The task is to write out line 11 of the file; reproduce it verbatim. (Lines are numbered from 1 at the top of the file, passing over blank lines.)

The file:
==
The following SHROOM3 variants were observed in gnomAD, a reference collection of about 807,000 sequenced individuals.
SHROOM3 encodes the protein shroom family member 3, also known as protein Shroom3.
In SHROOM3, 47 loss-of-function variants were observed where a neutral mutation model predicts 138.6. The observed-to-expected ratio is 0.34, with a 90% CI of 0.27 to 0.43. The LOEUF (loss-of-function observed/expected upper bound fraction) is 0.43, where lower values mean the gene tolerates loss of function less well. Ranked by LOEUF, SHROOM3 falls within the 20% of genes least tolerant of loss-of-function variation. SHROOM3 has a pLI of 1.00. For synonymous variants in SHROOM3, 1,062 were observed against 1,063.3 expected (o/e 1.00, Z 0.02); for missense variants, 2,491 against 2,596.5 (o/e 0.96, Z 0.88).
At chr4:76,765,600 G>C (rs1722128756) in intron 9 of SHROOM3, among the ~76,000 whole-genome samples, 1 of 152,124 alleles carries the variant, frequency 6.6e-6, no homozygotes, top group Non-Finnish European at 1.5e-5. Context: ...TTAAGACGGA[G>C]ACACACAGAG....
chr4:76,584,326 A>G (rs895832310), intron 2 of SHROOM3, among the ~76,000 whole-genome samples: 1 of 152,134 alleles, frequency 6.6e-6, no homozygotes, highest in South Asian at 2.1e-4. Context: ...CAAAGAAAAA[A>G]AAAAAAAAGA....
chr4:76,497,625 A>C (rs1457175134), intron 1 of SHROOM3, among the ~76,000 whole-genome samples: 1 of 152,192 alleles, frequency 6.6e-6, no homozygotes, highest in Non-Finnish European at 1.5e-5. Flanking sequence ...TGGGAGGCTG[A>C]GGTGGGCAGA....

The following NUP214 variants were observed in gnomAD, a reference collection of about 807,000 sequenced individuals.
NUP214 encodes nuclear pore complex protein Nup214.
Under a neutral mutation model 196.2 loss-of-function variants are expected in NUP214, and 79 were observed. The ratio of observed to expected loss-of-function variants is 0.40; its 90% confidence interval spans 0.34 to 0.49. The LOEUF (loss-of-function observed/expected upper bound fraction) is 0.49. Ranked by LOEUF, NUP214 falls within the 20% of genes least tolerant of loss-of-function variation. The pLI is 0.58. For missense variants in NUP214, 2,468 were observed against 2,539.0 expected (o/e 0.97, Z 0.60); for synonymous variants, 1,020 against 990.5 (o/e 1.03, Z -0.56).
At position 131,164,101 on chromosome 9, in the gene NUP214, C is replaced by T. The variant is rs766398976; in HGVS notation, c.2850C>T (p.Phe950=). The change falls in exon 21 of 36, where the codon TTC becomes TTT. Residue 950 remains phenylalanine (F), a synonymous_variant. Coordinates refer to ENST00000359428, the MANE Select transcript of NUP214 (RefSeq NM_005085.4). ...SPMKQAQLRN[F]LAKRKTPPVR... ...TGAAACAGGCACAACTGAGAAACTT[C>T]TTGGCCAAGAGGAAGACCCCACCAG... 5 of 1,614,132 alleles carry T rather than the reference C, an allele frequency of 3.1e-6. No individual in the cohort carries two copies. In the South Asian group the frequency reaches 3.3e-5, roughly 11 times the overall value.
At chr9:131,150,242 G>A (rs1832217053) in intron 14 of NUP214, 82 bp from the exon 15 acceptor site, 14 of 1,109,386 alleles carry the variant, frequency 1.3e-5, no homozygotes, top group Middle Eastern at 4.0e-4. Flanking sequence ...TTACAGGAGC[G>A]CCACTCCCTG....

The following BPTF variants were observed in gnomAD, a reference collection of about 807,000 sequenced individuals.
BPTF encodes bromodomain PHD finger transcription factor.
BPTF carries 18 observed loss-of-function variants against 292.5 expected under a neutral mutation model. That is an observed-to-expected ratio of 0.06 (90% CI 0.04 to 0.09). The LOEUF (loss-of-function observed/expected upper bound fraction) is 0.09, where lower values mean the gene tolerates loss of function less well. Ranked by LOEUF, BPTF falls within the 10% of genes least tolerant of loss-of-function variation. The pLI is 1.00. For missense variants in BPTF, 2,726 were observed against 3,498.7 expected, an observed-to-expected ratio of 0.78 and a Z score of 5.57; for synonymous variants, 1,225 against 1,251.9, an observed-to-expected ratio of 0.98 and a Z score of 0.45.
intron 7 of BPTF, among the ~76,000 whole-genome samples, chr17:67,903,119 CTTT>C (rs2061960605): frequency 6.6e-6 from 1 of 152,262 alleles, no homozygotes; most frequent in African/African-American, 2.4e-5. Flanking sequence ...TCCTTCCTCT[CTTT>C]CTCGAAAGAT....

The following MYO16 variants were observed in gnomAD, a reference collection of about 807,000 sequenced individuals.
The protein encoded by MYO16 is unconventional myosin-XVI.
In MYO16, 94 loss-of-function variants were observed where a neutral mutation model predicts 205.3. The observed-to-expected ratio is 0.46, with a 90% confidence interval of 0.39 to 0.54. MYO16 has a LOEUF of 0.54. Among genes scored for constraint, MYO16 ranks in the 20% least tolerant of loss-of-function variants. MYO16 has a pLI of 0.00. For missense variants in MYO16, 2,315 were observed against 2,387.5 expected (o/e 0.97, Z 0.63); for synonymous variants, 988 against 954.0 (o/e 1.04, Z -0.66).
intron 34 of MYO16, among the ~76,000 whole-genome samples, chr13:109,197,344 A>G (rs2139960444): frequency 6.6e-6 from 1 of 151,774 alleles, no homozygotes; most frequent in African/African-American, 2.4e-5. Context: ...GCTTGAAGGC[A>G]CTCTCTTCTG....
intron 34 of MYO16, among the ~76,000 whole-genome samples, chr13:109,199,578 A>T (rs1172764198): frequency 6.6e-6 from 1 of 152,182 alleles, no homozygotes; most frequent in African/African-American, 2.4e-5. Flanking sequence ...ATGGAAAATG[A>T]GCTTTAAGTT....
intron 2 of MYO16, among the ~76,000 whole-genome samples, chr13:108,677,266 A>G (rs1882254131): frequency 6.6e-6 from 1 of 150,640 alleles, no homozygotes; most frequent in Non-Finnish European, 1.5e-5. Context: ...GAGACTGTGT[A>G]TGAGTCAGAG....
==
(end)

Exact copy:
At chr9:131,150,242 G>A (rs1832217053) in intron 14 of NUP214, 82 bp from the exon 15 acceptor site, 14 of 1,109,386 alleles carry the variant, frequency 1.3e-5, no homozygotes, top group Middle Eastern at 4.0e-4. Flanking sequence ...TTACAGGAGC[G>A]CCACTCCCTG....